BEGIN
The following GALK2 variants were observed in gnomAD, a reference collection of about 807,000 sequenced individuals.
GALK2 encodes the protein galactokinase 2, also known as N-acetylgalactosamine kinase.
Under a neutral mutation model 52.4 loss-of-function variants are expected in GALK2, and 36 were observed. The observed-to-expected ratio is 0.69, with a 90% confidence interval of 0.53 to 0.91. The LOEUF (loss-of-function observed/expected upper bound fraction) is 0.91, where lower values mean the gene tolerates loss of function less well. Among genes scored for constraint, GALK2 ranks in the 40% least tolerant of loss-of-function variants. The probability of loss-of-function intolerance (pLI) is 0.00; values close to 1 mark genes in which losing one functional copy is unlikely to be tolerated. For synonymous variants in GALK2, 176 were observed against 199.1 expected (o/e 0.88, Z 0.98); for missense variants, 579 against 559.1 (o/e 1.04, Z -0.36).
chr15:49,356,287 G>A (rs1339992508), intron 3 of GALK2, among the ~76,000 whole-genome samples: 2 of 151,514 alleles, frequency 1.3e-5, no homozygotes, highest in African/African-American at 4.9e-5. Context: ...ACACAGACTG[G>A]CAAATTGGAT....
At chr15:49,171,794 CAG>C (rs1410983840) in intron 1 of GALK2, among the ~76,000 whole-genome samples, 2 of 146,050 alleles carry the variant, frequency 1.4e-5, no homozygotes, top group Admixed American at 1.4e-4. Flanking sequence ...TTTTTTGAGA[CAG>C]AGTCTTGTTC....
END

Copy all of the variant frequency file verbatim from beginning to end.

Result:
The following GALK2 variants were observed in gnomAD, a reference collection of about 807,000 sequenced individuals.
GALK2 encodes the protein galactokinase 2, also known as N-acetylgalactosamine kinase.
Under a neutral mutation model 52.4 loss-of-function variants are expected in GALK2, and 36 were observed. The observed-to-expected ratio is 0.69, with a 90% confidence interval of 0.53 to 0.91. The LOEUF (loss-of-function observed/expected upper bound fraction) is 0.91, where lower values mean the gene tolerates loss of function less well. Among genes scored for constraint, GALK2 ranks in the 40% least tolerant of loss-of-function variants. The probability of loss-of-function intolerance (pLI) is 0.00; values close to 1 mark genes in which losing one functional copy is unlikely to be tolerated. For synonymous variants in GALK2, 176 were observed against 199.1 expected (o/e 0.88, Z 0.98); for missense variants, 579 against 559.1 (o/e 1.04, Z -0.36).
chr15:49,356,287 G>A (rs1339992508), intron 3 of GALK2, among the ~76,000 whole-genome samples: 2 of 151,514 alleles, frequency 1.3e-5, no homozygotes, highest in African/African-American at 4.9e-5. Context: ...ACACAGACTG[G>A]CAAATTGGAT....
At chr15:49,171,794 CAG>C (rs1410983840) in intron 1 of GALK2, among the ~76,000 whole-genome samples, 2 of 146,050 alleles carry the variant, frequency 1.4e-5, no homozygotes, top group Admixed American at 1.4e-4. Flanking sequence ...TTTTTTGAGA[CAG>C]AGTCTTGTTC....